• #88063
      Serenity
      Participant

      Thanks, KIP! ❤️

    • #88064
      Fudgecake
      Participant

      Hi Serenity,
      Firstly a big congrats to your son on getting his place at uni. I wish him all the very best. The feelings you’ve described about him going are perfectly normal ones to have. Mixed emotions- proud they’re spreading their wings ( that’s a job well done by you) but also the parental worry for your child at seeing them venture into the adult world with all its pitfalls but also all its joy and beauty. It sounds like you’re very close to him and you’ve been his lifelong defender. He knows you’ll always be there giving him that support when he needs it and sharing the future celebrations he has. Just like you’ve always been. He’s lucky to have such a good mum. Change is unsettling especially when DA has played its part, but you will settle and so will he, knowing that you’ll always be there backing him up. Watch him fly!

    • #88067
      Serenity
      Participant

      Thank you so much, Fudge Cake! Your words are so comforting.

      After a few difficult days, I am feeling a lot better about my son being away at university!

      I’ve realised that my feelings were basically bound up with those of over-protectiveness towards him due to what he’s suffered at the hands of his dad ; but that the best way to make him safe is to encourage that learning and independence that will come from him living away at university.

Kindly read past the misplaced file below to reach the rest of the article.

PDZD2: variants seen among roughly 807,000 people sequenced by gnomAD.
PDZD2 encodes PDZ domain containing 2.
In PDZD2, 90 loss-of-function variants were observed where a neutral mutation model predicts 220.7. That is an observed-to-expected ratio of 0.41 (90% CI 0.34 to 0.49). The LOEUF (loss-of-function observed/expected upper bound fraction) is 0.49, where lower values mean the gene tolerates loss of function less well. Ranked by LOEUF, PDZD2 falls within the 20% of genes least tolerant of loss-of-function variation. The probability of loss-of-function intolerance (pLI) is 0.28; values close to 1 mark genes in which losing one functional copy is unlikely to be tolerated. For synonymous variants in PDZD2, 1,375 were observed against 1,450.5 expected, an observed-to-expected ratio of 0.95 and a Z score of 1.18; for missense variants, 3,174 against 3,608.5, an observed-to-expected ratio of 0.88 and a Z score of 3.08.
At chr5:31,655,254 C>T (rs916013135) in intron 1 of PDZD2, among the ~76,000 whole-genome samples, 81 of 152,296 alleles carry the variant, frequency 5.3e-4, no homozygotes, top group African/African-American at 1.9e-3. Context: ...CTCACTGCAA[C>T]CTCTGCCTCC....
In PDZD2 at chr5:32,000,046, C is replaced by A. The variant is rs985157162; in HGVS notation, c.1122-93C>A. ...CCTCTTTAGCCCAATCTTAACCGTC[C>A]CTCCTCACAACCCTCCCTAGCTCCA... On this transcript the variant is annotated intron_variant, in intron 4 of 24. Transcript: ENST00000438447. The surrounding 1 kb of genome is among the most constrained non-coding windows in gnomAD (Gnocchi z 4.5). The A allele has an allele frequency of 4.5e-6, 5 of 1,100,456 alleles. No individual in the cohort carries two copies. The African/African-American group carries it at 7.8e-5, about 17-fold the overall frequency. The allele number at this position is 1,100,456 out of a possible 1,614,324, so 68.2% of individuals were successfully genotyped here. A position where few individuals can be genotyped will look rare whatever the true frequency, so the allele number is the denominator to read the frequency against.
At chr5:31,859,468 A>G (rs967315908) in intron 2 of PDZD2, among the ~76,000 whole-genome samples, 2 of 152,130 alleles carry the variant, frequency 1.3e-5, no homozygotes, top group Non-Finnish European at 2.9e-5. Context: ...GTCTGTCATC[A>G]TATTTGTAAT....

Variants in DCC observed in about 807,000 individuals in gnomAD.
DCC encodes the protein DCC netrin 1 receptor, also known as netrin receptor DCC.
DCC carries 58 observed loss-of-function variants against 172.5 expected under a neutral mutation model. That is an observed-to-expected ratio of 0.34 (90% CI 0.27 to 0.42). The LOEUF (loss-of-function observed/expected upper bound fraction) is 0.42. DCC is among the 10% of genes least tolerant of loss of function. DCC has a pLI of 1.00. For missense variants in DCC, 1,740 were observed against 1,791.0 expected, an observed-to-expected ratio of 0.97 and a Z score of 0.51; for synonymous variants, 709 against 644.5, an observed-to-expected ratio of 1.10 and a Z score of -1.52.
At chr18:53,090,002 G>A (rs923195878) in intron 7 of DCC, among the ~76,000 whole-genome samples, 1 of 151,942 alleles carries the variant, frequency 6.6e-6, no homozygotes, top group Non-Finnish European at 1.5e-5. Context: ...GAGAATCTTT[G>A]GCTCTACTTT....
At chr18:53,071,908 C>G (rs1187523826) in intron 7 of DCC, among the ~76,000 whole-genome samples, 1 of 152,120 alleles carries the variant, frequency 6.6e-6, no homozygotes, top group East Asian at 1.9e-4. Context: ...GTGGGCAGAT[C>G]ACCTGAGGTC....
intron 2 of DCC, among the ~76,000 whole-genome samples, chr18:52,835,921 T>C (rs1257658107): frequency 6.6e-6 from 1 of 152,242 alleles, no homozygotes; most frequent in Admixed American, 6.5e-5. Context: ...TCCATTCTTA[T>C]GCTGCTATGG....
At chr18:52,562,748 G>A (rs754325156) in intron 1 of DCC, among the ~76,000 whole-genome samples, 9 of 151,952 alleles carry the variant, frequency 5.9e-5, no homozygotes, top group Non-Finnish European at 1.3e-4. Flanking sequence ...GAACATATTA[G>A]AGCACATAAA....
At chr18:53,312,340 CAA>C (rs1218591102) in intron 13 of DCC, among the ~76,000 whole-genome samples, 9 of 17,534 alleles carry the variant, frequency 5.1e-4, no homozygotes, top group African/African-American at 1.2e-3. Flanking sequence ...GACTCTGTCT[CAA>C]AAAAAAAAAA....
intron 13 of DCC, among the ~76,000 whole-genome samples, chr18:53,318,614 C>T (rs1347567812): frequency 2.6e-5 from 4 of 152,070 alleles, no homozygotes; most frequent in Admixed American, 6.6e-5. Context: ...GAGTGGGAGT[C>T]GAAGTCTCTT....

And he’s doing such an exciting course, and will be treated with respect by his lecturers etc- the total opposite of how he’s talked down to and ridiculed by his dad. He deserves this.

      Thank you again!

    • #88170
      White Rose
      Participant

      Dear Serenity
      You are a normal mum, don’t beat yourself up about it. Big congratulations to him. You must be really proud of him.
      Message him, tell him you love him and miss him and give him news from home, he may not always respond but it’s stuff he’ll want to hear, he just wont admit it x*x

    • #88195
      HopeLifeJoy
      Participant